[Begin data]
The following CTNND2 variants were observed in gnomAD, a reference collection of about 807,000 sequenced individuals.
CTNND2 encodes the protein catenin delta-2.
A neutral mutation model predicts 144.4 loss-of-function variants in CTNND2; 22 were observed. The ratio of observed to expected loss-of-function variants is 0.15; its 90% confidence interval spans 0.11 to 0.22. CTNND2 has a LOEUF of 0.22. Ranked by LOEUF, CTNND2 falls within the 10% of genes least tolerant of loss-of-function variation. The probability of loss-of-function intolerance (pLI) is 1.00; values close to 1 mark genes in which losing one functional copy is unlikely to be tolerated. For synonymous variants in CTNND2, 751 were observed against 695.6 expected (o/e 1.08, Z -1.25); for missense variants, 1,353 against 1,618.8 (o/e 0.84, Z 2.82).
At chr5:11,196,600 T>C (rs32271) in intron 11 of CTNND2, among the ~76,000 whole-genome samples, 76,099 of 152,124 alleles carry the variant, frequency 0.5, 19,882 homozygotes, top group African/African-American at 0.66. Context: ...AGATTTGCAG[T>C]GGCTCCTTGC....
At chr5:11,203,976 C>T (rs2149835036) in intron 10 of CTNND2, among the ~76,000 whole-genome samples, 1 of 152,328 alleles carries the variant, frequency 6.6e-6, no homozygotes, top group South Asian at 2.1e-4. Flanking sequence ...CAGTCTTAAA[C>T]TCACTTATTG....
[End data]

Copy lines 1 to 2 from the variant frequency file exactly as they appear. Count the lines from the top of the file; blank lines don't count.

The following CTNND2 variants were observed in gnomAD, a reference collection of about 807,000 sequenced individuals.
CTNND2 encodes the protein catenin delta-2.